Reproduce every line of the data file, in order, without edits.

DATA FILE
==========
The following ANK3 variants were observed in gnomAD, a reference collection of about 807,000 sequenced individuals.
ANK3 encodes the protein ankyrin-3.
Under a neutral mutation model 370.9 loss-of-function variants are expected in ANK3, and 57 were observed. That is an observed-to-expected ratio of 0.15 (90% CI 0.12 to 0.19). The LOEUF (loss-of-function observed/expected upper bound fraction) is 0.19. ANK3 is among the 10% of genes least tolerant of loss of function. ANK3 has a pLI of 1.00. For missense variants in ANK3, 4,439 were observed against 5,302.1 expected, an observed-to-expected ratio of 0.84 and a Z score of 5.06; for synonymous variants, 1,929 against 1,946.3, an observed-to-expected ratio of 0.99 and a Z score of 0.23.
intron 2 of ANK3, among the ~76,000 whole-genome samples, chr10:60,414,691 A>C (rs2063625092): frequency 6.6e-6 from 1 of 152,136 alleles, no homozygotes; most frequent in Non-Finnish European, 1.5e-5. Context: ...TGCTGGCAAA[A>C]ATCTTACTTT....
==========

The following ANK3 variants were observed in gnomAD, a reference collection of about 807,000 sequenced individuals.
ANK3 encodes the protein ankyrin-3.
Under a neutral mutation model 370.9 loss-of-function variants are expected in ANK3, and 57 were observed. That is an observed-to-expected ratio of 0.15 (90% CI 0.12 to 0.19). The LOEUF (loss-of-function observed/expected upper bound fraction) is 0.19. ANK3 is among the 10% of genes least tolerant of loss of function. ANK3 has a pLI of 1.00. For missense variants in ANK3, 4,439 were observed against 5,302.1 expected, an observed-to-expected ratio of 0.84 and a Z score of 5.06; for synonymous variants, 1,929 against 1,946.3, an observed-to-expected ratio of 0.99 and a Z score of 0.23.
intron 2 of ANK3, among the ~76,000 whole-genome samples, chr10:60,414,691 A>C (rs2063625092): frequency 6.6e-6 from 1 of 152,136 alleles, no homozygotes; most frequent in Non-Finnish European, 1.5e-5. Context: ...TGCTGGCAAA[A>C]ATCTTACTTT....